This site is not fully supported by Internet Explorer. To fully enjoy this website, please use an alternative browser

family playing football
About Ethiopia

Ethiopia had made good progress towards the Millennium Development Goals, compared to other Sub-Saharan countries, and is now working hard to meet the Sustainable Development Goals. In addition to an overall decline in poverty, and reductions in child mortality and the prevalence of HIV and AIDS, economic growth over the past two decades has brought an expansion of infrastructure and improved access to services such as health and education.

However, food security and under-nutrition persist. According to the 2021 Humanitarian Response Plan (HPR), an estimated 13.2 million people don't have enough to eat and since November 2020 internal war has had serious consequences.  Although the government is devoting a high share of its budget to pro-poor programs and investments,  COVID-19 and measures to deal with the pandemic have affected livelihoods and education, a recognised route out of poverty. There are signs that gains are being reversed and inequalities are beginning to widen, particularly between urban and rural areas, and the extent of impacts of recent conflict on the economy and livelihoods remains to be seen. Visit the Young Lives Ethiopia website to learn more, including the effects of COVID-19.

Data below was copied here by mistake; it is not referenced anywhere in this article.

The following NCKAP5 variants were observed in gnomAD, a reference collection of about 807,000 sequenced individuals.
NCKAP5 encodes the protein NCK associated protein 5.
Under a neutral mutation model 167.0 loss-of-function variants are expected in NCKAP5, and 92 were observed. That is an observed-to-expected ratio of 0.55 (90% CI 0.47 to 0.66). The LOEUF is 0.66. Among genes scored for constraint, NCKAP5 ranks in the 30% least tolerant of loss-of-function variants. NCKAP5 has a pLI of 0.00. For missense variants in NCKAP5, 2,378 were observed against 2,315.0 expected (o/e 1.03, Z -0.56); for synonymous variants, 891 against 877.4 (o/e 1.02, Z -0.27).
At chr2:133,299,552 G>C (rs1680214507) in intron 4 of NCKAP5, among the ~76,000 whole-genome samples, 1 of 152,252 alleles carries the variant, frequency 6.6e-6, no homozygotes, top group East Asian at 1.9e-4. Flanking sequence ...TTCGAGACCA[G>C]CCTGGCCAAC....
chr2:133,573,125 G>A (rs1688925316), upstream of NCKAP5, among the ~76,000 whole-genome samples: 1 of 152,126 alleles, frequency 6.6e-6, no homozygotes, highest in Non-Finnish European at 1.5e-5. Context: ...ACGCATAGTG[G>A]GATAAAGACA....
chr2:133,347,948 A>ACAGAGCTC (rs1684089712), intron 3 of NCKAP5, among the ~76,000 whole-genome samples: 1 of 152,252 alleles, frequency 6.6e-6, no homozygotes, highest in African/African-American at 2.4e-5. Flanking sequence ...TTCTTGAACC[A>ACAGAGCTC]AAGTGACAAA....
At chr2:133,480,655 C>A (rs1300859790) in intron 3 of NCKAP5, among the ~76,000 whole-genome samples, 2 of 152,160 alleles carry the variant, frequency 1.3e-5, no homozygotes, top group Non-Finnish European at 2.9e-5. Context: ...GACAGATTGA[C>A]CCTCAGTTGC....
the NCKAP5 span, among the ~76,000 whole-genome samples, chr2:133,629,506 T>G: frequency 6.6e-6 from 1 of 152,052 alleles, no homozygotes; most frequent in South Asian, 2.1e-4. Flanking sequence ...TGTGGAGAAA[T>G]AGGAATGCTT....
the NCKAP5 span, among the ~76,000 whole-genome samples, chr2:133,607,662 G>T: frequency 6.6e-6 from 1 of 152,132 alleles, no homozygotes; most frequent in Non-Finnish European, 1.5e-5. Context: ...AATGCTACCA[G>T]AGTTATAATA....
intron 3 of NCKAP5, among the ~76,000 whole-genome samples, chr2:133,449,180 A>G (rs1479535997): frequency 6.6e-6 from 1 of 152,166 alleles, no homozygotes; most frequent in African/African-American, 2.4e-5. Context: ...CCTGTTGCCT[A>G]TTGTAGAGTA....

“This crucial research from Young Lives explains why action is needed to get young people in developing countries safely back into education.”
- Alula Pankhurst
About Ethiopia

Ethiopia had made good progress towards the Millennium Development Goals, compared to other Sub-Saharan countries, and is now working hard to meet the Sustainable Development Goals. In addition to an overall decline in poverty, and reductions in child mortality and the prevalence of HIV and AIDS, economic growth over the past two decades has brought an expansion of infrastructure and improved access to services such as health and education.

However, food security and under-nutrition persist. According to the 2021 Humanitarian Response Plan (HPR), an estimated 13.2 million people don't have enough to eat and since November 2020 internal war has had serious consequences.  Although the government is devoting a high share of its budget to pro-poor programs and investments,  COVID-19 and measures to deal with the pandemic have affected livelihoods and education, a recognised route out of poverty. There are signs that gains are being reversed and inequalities are beginning to widen, particularly between urban and rural areas, and the extent of impacts of recent conflict on the economy and livelihoods remains to be seen. Visit the Young Lives Ethiopia website to learn more, including the effects of COVID-19.  

“This crucial research from Young Lives explains why action is needed to get young people in developing countries safely back into education.”
- Alula Pankhurst